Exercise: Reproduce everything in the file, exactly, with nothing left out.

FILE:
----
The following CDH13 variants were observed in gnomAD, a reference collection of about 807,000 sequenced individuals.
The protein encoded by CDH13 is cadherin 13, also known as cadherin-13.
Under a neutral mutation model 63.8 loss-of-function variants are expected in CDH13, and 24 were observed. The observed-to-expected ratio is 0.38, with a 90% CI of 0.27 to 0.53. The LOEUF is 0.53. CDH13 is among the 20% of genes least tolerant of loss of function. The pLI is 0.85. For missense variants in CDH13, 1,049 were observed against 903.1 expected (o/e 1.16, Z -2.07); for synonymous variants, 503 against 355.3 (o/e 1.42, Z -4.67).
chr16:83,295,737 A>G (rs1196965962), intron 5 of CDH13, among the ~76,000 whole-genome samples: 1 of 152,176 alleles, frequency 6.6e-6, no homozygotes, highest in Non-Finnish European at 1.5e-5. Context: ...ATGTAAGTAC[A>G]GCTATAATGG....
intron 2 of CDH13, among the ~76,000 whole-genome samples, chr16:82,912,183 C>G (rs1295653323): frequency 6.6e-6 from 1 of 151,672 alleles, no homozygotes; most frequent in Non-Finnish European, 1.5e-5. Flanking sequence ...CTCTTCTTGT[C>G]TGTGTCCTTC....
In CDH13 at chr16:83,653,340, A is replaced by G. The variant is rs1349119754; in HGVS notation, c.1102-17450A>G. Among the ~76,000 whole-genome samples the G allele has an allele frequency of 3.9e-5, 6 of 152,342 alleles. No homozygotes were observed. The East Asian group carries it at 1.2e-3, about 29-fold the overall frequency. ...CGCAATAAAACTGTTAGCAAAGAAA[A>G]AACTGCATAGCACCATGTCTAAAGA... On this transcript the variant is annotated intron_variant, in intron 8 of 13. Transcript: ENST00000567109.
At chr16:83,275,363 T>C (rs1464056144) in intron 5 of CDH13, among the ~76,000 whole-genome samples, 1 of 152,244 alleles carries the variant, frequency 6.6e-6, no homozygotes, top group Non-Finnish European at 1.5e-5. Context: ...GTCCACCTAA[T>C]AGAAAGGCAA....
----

The following CDH13 variants were observed in gnomAD, a reference collection of about 807,000 sequenced individuals.
The protein encoded by CDH13 is cadherin 13, also known as cadherin-13.
Under a neutral mutation model 63.8 loss-of-function variants are expected in CDH13, and 24 were observed. The observed-to-expected ratio is 0.38, with a 90% CI of 0.27 to 0.53. The LOEUF is 0.53. CDH13 is among the 20% of genes least tolerant of loss of function. The pLI is 0.85. For missense variants in CDH13, 1,049 were observed against 903.1 expected (o/e 1.16, Z -2.07); for synonymous variants, 503 against 355.3 (o/e 1.42, Z -4.67).
chr16:83,295,737 A>G (rs1196965962), intron 5 of CDH13, among the ~76,000 whole-genome samples: 1 of 152,176 alleles, frequency 6.6e-6, no homozygotes, highest in Non-Finnish European at 1.5e-5. Context: ...ATGTAAGTAC[A>G]GCTATAATGG....
intron 2 of CDH13, among the ~76,000 whole-genome samples, chr16:82,912,183 C>G (rs1295653323): frequency 6.6e-6 from 1 of 151,672 alleles, no homozygotes; most frequent in Non-Finnish European, 1.5e-5. Flanking sequence ...CTCTTCTTGT[C>G]TGTGTCCTTC....
In CDH13 at chr16:83,653,340, A is replaced by G. The variant is rs1349119754; in HGVS notation, c.1102-17450A>G. Among the ~76,000 whole-genome samples the G allele has an allele frequency of 3.9e-5, 6 of 152,342 alleles. No homozygotes were observed. The East Asian group carries it at 1.2e-3, about 29-fold the overall frequency. ...CGCAATAAAACTGTTAGCAAAGAAA[A>G]AACTGCATAGCACCATGTCTAAAGA... On this transcript the variant is annotated intron_variant, in intron 8 of 13. Transcript: ENST00000567109.
At chr16:83,275,363 T>C (rs1464056144) in intron 5 of CDH13, among the ~76,000 whole-genome samples, 1 of 152,244 alleles carries the variant, frequency 6.6e-6, no homozygotes, top group Non-Finnish European at 1.5e-5. Context: ...GTCCACCTAA[T>C]AGAAAGGCAA....